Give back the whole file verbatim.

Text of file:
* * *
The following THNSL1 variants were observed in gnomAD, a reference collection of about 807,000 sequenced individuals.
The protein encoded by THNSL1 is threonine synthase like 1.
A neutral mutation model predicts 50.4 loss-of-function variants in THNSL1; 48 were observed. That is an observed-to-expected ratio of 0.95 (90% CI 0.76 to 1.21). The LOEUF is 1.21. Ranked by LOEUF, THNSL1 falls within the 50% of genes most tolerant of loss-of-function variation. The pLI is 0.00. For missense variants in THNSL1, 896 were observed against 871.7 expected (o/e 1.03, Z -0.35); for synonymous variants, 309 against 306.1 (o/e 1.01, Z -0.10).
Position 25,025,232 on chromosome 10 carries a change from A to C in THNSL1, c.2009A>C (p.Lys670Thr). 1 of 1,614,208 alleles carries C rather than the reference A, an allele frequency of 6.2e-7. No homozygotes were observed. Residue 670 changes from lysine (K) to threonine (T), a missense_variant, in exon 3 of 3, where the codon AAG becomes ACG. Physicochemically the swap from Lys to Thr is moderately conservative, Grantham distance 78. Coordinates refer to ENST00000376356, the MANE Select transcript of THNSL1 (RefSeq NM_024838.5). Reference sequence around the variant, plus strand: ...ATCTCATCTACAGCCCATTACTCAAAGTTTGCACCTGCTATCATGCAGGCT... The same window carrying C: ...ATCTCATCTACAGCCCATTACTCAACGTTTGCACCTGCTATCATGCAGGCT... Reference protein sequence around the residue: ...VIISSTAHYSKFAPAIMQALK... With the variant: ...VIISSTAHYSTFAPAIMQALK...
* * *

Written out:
The following THNSL1 variants were observed in gnomAD, a reference collection of about 807,000 sequenced individuals.
The protein encoded by THNSL1 is threonine synthase like 1.
A neutral mutation model predicts 50.4 loss-of-function variants in THNSL1; 48 were observed. That is an observed-to-expected ratio of 0.95 (90% CI 0.76 to 1.21). The LOEUF is 1.21. Ranked by LOEUF, THNSL1 falls within the 50% of genes most tolerant of loss-of-function variation. The pLI is 0.00. For missense variants in THNSL1, 896 were observed against 871.7 expected (o/e 1.03, Z -0.35); for synonymous variants, 309 against 306.1 (o/e 1.01, Z -0.10).
Position 25,025,232 on chromosome 10 carries a change from A to C in THNSL1, c.2009A>C (p.Lys670Thr). 1 of 1,614,208 alleles carries C rather than the reference A, an allele frequency of 6.2e-7. No homozygotes were observed. Residue 670 changes from lysine (K) to threonine (T), a missense_variant, in exon 3 of 3, where the codon AAG becomes ACG. Physicochemically the swap from Lys to Thr is moderately conservative, Grantham distance 78. Coordinates refer to ENST00000376356, the MANE Select transcript of THNSL1 (RefSeq NM_024838.5). Reference sequence around the variant, plus strand: ...ATCTCATCTACAGCCCATTACTCAAAGTTTGCACCTGCTATCATGCAGGCT... The same window carrying C: ...ATCTCATCTACAGCCCATTACTCAACGTTTGCACCTGCTATCATGCAGGCT... Reference protein sequence around the residue: ...VIISSTAHYSKFAPAIMQALK... With the variant: ...VIISSTAHYSTFAPAIMQALK...